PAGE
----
Geomaat supplies ProRail with a coloured RD/NAP-registered point cloud including the 360-degree images. The 360-degree images are incorporated into the point cloud with the utmost accuracy, because the photos and the point cloud must be an extremely precise ‘fit’ so that the point cloud can be accurately overlaid with the natural colours from the photos. However, the photos are not necessarily used horizontally. One of the characteristics of a 360-degree image is that it does not have a horizontal plane, nor does it have a fixed orientation such as north on a map. Geomaat’s Research & Development department develops tools that simplify and improve workflows, and it produced such a tool for the ProRail project: “ProRail requires the panoramic images with north-up orientation so that they can also be used in its own software. A panoramic photo is made up of eight partial images, which means that all those images have to be corrected without altering the how they relate to one another. Matrix calculations are used to determine the rotation parameters for each partial image. This entails rotating the images around three axes, so that the panoramic photo has north-up orientation and all the partial images still fit together seamlessly,” says Joukje de Haan, process & innovation specialist.

Arnhem Centraal railway station as a Lidar point cloud.

Checking Data

It is very important to get the basics right in order to achieve the required quality, which is why Geomaat has made quality checks a top priority in the ProRail project, according to Niels Domhof, 3D specialist: “We perform lots of checks on the captured data. We always take cross sections along the x, y and z axes, so that we can make sure that all data is well aligned. We also remove all organic elements from the point cloud so that it is nice and clean. To link the registered point cloud to the RD/NAP network, ground control points have been set up at the stations. We also work in line with the four-eyes principle, which means that each point cloud is always examined separately by two different 3D specialists to ensure thorough quality control.”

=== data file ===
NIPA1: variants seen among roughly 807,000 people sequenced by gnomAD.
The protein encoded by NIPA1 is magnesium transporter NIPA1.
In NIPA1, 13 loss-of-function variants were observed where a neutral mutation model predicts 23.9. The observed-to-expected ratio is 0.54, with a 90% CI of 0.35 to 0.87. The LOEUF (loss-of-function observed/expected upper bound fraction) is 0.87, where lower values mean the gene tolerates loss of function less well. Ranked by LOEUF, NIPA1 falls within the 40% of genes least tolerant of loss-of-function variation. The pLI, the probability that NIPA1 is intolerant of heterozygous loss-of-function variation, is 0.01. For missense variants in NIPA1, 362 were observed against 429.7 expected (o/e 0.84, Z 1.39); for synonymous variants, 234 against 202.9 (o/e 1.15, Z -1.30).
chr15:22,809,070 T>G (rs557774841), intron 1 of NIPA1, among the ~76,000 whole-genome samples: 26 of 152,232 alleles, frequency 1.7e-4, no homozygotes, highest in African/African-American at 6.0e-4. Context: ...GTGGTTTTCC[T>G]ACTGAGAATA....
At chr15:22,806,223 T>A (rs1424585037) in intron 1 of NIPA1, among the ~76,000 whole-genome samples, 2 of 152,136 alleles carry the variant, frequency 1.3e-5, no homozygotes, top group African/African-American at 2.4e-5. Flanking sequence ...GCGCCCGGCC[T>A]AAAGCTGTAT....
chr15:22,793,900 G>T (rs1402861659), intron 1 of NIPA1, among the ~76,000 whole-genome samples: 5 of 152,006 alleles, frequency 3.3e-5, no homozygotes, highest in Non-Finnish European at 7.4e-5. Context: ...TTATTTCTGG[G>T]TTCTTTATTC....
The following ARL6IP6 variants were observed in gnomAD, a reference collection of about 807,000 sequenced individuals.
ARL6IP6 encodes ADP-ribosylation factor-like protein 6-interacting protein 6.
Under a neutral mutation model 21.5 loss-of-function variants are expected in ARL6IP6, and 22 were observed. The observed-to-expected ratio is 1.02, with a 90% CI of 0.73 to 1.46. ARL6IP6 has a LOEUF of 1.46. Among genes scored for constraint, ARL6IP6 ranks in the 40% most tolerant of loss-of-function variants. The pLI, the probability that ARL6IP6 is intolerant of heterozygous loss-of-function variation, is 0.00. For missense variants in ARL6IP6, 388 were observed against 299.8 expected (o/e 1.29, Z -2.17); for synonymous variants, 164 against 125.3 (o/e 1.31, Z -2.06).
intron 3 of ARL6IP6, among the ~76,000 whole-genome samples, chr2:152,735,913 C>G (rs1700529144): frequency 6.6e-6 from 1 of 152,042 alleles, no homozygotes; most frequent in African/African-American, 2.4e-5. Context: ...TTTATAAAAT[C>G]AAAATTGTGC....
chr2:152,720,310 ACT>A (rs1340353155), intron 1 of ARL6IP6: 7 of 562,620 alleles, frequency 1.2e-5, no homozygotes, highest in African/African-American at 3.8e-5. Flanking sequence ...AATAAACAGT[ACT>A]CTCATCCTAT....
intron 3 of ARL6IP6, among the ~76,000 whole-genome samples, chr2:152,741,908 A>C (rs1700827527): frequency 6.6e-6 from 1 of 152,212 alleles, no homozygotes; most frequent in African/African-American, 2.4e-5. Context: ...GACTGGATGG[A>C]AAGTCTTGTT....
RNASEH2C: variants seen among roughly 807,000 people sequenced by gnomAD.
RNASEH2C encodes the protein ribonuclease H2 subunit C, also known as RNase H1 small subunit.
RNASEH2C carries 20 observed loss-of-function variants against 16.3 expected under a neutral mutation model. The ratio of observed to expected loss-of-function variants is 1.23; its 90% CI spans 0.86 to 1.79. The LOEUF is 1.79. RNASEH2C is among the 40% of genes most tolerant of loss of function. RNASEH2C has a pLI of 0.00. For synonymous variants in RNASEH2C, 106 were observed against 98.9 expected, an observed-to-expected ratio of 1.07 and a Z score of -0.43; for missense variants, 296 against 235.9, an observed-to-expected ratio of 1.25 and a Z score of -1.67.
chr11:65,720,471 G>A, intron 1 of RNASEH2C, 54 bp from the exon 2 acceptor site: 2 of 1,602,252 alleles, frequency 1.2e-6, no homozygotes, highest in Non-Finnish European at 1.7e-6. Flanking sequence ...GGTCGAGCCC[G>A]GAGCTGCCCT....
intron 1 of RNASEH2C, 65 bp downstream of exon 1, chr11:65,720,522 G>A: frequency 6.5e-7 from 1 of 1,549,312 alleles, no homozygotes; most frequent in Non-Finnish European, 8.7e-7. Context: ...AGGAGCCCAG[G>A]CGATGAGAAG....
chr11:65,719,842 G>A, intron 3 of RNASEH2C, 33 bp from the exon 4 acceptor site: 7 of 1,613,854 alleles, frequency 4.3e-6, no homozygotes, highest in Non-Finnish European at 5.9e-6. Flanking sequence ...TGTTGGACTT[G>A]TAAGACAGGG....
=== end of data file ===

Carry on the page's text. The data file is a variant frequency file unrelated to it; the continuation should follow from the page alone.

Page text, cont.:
The coronavirus pandemic has created many extra challenges in everyday life, but has actually proved advantageous for the project in some ways, continues Domhof: “It might sound strange, but the coronavirus outbreak actually came at a good time for this project. It meant that fewer people were present at railway stations and there were hardly any trains on the tracks. As a result, our point clouds were much ‘cleaner’ and we had to remove very few organic objects. Before the pandemic started, we captured Utrecht Central Station. We chose to do so on 2, 3 and 4 January because most people are still off work for the Christmas holiday so it’s a lot quieter than normal. You have to be very flexible in terms of planning when working on such a large-scale project.”

Why Geomaat?

Arcadis approached Geomaat because of its broad knowledge and experience. Over the years, Geomaat has captured approximately 50 railway stations, for various clients. The aim of this project was to gain an overview of the station equipment. Geomaat has developed a 3D BIM model from the point clouds so that ProRail can easily overlay the map of the ‘old’ situation with the new situation in three dimensions.


Geomaat has since completed all the outdoor scans scheduled for the first year. “We’re now in the final phase of completion and preparing the mutation scans,” says Ernst ten Napel, project leader.